Scholars must speak up
With a serious face, he said, “We should not give up nuclear power plants. It is important to maintain the nuclear plants we worked so hard to develop.” He talked about the limits of renewable energy including solar cells. Even with the development of solar cell technologies, it will be hard to go beyond a supplementary energy source, he claimed. Despite serious safety concerns related to nuclear power plants, he argued that it is important in terms of energy diversity.
The immediate shortage from the suspension of nuclear power is to be set off by LNG. According to the Paris Climate Change Agreement, Korea needs to cut down carbon dioxide emission by 37 percent before 2030. Nuclear power generation does not emit carbon dioxide. If LNG power generation increases, carbon dioxide emissions would go up as well. For environmental safety, nuclear power plants are being phased out, but ironically, carbon dioxide emissions may increase. The government has yet to provide complete solutions.
“Unless all citizens stop using energy, the national economic growth and quality of life would fall if nuclear power plants are phased out and the Paris Climate Change Agreement is met,” he said.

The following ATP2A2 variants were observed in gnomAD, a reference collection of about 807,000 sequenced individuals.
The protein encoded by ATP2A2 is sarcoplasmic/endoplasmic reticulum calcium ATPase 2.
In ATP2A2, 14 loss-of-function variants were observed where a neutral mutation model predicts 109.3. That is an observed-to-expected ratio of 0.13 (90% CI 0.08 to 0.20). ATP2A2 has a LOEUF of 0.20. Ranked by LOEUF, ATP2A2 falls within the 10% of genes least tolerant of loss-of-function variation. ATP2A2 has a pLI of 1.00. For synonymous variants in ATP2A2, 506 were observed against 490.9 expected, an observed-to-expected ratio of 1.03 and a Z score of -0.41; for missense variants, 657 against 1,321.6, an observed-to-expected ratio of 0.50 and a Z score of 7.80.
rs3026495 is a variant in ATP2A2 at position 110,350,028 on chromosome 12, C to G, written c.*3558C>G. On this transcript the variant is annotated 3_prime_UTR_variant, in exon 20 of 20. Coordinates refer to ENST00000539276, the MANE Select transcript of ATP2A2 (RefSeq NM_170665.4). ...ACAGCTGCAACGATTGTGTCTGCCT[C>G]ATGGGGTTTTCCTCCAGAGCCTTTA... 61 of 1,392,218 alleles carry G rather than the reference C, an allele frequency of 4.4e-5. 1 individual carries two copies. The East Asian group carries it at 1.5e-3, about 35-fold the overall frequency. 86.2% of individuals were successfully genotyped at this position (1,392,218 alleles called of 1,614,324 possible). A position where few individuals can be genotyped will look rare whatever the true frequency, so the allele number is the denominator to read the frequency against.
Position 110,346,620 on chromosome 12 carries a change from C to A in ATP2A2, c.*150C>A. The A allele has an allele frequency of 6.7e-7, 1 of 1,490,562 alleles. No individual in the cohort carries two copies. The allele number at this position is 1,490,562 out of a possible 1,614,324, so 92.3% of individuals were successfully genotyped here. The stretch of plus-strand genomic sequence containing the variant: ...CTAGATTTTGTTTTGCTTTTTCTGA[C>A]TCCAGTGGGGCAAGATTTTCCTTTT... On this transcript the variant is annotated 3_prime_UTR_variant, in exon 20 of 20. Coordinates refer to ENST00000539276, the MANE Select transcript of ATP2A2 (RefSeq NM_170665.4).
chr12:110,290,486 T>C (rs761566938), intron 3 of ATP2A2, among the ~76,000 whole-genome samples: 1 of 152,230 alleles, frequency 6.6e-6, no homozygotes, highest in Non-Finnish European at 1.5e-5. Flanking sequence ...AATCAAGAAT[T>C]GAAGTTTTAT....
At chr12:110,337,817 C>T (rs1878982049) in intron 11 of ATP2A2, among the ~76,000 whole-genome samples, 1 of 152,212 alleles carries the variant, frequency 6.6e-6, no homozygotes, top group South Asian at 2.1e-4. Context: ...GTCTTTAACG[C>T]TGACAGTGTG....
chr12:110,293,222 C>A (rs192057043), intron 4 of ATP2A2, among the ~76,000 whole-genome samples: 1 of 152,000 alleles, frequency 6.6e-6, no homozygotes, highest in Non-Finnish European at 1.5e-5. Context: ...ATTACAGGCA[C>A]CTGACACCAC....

As we have seen in the catastrophic Fukushima nuclear accident, anyone would agree that dangerous nuclear power plants need to be phased out and renewable energies need to be developed. However, some people are concerned about suspending nuclear power plant construction and declaring a nuclear phase-out without specific plans. How about we continue with the nuclear power plants and focus on nurturing renewable energy and deregulation? There are strict regulations for solar farms, such as distance from the road. “‘Until energy sources that can replace nuclear power are developed, we have to go with nuclear power,” he said.
Who is this scholar who goes against the nuclear zero policy? Nobody knows because he does not speak up. The Moon Jae-in administration values communication and discussion, but he wishes to remain unidentified. If a scholar or professor criticizes government policy through the media, officials would phone the next morning.
JoongAng Ilbo, July 12, Page 30
*The writer is a deputy industrial news editor of the JoongAng Ilbo.